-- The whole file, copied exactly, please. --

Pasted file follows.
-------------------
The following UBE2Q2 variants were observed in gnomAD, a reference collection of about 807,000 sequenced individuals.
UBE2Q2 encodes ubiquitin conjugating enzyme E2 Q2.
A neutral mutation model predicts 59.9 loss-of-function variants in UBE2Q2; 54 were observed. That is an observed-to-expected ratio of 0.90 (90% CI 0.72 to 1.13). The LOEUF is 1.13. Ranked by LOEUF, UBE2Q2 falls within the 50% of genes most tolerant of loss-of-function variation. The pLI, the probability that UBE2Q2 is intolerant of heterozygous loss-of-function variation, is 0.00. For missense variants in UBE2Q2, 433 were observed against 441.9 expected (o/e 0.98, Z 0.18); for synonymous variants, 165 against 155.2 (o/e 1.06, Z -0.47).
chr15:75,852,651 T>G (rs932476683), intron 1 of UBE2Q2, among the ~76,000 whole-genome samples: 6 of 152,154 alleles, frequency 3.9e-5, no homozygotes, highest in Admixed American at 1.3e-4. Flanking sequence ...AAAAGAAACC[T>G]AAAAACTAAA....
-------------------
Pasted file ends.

The following UBE2Q2 variants were observed in gnomAD, a reference collection of about 807,000 sequenced individuals.
UBE2Q2 encodes ubiquitin conjugating enzyme E2 Q2.
A neutral mutation model predicts 59.9 loss-of-function variants in UBE2Q2; 54 were observed. That is an observed-to-expected ratio of 0.90 (90% CI 0.72 to 1.13). The LOEUF is 1.13. Ranked by LOEUF, UBE2Q2 falls within the 50% of genes most tolerant of loss-of-function variation. The pLI, the probability that UBE2Q2 is intolerant of heterozygous loss-of-function variation, is 0.00. For missense variants in UBE2Q2, 433 were observed against 441.9 expected (o/e 0.98, Z 0.18); for synonymous variants, 165 against 155.2 (o/e 1.06, Z -0.47).
chr15:75,852,651 T>G (rs932476683), intron 1 of UBE2Q2, among the ~76,000 whole-genome samples: 6 of 152,154 alleles, frequency 3.9e-5, no homozygotes, highest in Admixed American at 1.3e-4. Flanking sequence ...AAAAGAAACC[T>G]AAAAACTAAA....